Fifteen years of "free trade"

Workers, low-income families pay the price for closer economic integration
December 4, 2003

OTTAWA--Free trade's promises of a significant boost to productivity growth and positive restructuring of Canadian industry have been largely unrealized, according to a report released today by the Canadian Centre for Policy Alternatives.

From Leaps of Faith to Hard Landings: Fifteen Years of "Free Trade" by economist Andrew Jackson, evaluates the impacts of the Canada-U.S. Free Trade Agreement (FTA) and the North American Free Trade Agreement (NAFTA) in the context of the great "free trade debate" of the late 1980s.

According to Jackson, "it is hard to sustain the argument that workers have fully shared in the relatively modest productivity gains that some have attributed to the FTA, and hard to deny that economic integration has tended to tilt the bargaining scales against workers."

The report examines the impacts of closer economic integration on wages, income distribution, and social programs, and argues that fears of "downward harmonization" were amply justified:

  • Over the last 15 years, there has been a significant increase in income inequality among working-age Canadian families caused primarily by stronger wage growth for high income earners and cuts in social transfers which have reduced the income-equalizing effects of social programs.
  • The FTA and NAFTA have exerted downward pressures on wages in sectors most exposed to the threat of relocation of production or new investment to the U.S. and Mexico.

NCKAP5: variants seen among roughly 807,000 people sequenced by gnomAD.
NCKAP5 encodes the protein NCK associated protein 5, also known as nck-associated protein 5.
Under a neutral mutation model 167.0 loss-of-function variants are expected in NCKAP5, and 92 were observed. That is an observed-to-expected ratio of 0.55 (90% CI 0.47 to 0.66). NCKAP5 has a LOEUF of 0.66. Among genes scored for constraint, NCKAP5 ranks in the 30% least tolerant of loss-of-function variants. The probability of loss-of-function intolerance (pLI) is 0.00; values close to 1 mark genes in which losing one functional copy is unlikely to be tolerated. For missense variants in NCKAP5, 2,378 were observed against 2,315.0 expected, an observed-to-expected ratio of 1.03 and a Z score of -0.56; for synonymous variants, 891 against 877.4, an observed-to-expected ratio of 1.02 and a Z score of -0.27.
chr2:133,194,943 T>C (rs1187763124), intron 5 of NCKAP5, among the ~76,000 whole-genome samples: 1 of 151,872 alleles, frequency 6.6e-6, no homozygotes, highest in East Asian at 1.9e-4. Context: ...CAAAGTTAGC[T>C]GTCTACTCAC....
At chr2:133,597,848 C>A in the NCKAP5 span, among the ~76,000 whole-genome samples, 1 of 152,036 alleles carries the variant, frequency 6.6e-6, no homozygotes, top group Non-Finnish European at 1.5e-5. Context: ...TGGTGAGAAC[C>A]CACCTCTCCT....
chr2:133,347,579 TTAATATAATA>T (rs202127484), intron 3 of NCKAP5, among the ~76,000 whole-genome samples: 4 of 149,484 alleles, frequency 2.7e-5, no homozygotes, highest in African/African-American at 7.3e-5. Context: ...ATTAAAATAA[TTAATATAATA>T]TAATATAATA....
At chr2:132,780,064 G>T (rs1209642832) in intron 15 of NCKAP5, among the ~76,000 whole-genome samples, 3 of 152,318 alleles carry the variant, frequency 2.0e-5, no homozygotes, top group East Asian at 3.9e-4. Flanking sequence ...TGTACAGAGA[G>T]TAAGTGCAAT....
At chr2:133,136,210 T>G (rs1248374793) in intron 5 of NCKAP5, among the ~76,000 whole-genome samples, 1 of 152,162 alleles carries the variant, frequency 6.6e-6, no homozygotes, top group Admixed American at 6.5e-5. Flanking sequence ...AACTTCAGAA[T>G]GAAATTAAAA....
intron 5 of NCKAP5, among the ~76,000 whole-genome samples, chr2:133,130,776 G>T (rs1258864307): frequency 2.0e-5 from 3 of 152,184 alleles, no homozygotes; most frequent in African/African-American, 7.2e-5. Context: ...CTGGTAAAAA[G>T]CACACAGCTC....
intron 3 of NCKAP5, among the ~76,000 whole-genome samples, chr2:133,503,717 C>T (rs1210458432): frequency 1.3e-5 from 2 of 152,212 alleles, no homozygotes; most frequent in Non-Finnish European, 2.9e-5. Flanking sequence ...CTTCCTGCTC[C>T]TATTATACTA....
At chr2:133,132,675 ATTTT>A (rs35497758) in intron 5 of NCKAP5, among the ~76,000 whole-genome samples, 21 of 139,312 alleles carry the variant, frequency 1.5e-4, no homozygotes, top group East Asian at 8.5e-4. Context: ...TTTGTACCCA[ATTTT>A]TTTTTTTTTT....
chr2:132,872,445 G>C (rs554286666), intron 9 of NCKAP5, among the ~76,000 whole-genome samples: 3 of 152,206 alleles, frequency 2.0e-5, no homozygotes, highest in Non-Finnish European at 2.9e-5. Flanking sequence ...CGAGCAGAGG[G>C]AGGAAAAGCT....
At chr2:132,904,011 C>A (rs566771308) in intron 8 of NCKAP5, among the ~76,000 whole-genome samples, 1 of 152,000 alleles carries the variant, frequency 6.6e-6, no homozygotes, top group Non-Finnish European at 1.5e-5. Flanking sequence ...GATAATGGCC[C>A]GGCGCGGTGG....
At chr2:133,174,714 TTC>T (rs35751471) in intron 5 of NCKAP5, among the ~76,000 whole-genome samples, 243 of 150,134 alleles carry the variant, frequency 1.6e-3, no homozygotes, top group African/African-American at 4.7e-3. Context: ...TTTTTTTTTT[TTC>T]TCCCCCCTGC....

• The very sharp decline in the unionization rate in Canadian manufacturing, (and the more modest decline in the private sector) reflects the disproportionate closures of unionized plants, and the disproportionate concentration of new hiring in non-union plants.
  • During the post-FTA era real wages have not kept pace with increases in productivity, and corporate profitability has increased.

"The striking fact of the matter is that getting the so-called 'fundamentals' right -- free trade, balanced budgets, low interest rates, lower corporate and personal taxes -- has failed to build a much more sophisticated industrial economy," Jackson concludes. "Leaving it all to the market has not worked, and debate over appropriate industrial and energy policies to actively shape comparative advantage should resume. This does not necessarily mean a return to pre-FTA policies, though there is a role for the state in leading the transition to a knowledge-based and environmentally sustainable economy through public investment, regulation, and subsidies."